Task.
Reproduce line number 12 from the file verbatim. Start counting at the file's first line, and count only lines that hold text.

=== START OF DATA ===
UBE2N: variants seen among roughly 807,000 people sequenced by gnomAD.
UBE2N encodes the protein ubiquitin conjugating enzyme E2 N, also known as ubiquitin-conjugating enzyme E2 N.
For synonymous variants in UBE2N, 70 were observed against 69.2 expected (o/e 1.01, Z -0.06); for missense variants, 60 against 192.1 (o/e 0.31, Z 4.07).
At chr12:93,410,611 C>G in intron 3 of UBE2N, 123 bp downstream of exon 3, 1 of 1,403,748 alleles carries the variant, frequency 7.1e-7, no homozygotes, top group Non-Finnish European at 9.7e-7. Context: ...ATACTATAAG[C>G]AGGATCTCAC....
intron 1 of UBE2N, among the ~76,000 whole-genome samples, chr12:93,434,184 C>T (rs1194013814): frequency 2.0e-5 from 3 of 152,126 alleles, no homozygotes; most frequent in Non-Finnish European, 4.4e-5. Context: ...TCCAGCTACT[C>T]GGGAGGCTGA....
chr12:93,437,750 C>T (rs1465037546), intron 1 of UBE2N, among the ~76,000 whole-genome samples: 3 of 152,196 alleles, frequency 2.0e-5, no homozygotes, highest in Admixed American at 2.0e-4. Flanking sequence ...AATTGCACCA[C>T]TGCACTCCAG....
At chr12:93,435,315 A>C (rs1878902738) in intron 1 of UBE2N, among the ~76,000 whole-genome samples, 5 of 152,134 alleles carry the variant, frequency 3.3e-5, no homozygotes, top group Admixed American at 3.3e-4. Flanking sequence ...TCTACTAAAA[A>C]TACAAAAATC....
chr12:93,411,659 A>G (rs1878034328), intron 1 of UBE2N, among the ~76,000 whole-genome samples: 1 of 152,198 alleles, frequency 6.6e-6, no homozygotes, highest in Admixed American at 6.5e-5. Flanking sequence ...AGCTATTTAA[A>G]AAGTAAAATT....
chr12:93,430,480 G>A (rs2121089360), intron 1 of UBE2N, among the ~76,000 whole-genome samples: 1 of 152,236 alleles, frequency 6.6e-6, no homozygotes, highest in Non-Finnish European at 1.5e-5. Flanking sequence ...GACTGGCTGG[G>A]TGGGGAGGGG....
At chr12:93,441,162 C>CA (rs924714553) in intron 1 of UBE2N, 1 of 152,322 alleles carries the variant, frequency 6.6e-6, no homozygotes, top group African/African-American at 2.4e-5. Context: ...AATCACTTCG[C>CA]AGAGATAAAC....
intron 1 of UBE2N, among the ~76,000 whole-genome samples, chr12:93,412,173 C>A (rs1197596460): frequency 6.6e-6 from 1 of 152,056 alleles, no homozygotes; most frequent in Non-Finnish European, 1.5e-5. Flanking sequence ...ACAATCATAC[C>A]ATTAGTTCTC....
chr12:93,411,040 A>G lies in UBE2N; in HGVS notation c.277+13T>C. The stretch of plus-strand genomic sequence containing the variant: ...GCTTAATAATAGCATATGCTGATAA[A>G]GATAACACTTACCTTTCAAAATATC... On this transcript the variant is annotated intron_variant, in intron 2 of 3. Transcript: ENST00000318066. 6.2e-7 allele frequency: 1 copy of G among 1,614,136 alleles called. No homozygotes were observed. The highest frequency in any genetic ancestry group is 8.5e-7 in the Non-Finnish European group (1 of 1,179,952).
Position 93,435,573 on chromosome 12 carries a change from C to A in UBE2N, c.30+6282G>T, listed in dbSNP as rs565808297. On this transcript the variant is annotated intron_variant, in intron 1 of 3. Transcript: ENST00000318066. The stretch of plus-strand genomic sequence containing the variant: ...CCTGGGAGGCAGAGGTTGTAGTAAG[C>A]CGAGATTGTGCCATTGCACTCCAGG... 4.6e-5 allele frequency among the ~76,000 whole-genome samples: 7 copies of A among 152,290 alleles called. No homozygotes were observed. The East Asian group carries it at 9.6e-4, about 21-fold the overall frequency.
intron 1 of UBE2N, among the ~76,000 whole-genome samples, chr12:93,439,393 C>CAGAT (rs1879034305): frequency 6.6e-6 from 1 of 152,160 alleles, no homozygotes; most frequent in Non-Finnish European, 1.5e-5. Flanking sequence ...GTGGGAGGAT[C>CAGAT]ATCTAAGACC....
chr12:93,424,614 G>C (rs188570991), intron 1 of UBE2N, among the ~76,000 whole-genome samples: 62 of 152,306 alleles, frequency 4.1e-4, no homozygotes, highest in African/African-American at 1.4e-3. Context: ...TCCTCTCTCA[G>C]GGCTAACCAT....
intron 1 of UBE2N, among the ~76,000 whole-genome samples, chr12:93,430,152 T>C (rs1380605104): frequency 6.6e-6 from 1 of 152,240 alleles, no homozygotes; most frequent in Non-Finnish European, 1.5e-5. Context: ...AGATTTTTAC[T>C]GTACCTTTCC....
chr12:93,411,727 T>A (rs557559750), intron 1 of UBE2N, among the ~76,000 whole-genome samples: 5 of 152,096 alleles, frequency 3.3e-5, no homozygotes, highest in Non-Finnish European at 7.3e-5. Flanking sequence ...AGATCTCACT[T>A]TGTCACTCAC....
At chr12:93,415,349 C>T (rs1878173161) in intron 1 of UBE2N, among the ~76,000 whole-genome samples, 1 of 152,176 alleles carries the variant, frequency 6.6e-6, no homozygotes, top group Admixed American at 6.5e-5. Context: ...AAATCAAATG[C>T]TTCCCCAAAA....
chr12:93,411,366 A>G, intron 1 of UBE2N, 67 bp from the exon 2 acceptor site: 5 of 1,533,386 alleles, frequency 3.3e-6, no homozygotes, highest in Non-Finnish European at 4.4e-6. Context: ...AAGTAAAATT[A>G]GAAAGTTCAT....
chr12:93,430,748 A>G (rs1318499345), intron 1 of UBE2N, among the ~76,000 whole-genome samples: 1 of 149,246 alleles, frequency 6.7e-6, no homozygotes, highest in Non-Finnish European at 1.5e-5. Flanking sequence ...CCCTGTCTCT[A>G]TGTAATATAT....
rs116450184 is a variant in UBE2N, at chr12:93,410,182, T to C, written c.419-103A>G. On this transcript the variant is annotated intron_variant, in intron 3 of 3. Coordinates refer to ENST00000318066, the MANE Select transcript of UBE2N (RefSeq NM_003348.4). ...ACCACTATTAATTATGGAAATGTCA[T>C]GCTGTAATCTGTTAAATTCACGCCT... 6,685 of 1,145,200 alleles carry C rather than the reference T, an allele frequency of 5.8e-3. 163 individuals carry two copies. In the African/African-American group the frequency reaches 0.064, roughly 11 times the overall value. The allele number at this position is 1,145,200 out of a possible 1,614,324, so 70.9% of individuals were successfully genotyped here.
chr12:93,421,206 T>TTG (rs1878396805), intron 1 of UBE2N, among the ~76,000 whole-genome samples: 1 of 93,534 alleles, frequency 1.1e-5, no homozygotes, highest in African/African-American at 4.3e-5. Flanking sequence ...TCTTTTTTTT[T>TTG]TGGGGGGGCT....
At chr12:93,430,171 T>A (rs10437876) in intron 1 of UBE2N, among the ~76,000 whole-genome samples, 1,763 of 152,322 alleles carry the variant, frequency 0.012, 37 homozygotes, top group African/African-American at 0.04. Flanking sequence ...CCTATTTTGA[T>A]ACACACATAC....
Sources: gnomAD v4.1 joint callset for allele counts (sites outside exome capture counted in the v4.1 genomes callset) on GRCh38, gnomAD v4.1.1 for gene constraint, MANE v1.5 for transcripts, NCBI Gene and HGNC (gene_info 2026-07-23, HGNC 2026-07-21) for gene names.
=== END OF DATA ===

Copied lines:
chr12:93,411,040 A>G lies in UBE2N; in HGVS notation c.277+13T>C. The stretch of plus-strand genomic sequence containing the variant: ...GCTTAATAATAGCATATGCTGATAA[A>G]GATAACACTTACCTTTCAAAATATC... On this transcript the variant is annotated intron_variant, in intron 2 of 3. Transcript: ENST00000318066. 6.2e-7 allele frequency: 1 copy of G among 1,614,136 alleles called. No homozygotes were observed. The highest frequency in any genetic ancestry group is 8.5e-7 in the Non-Finnish European group (1 of 1,179,952).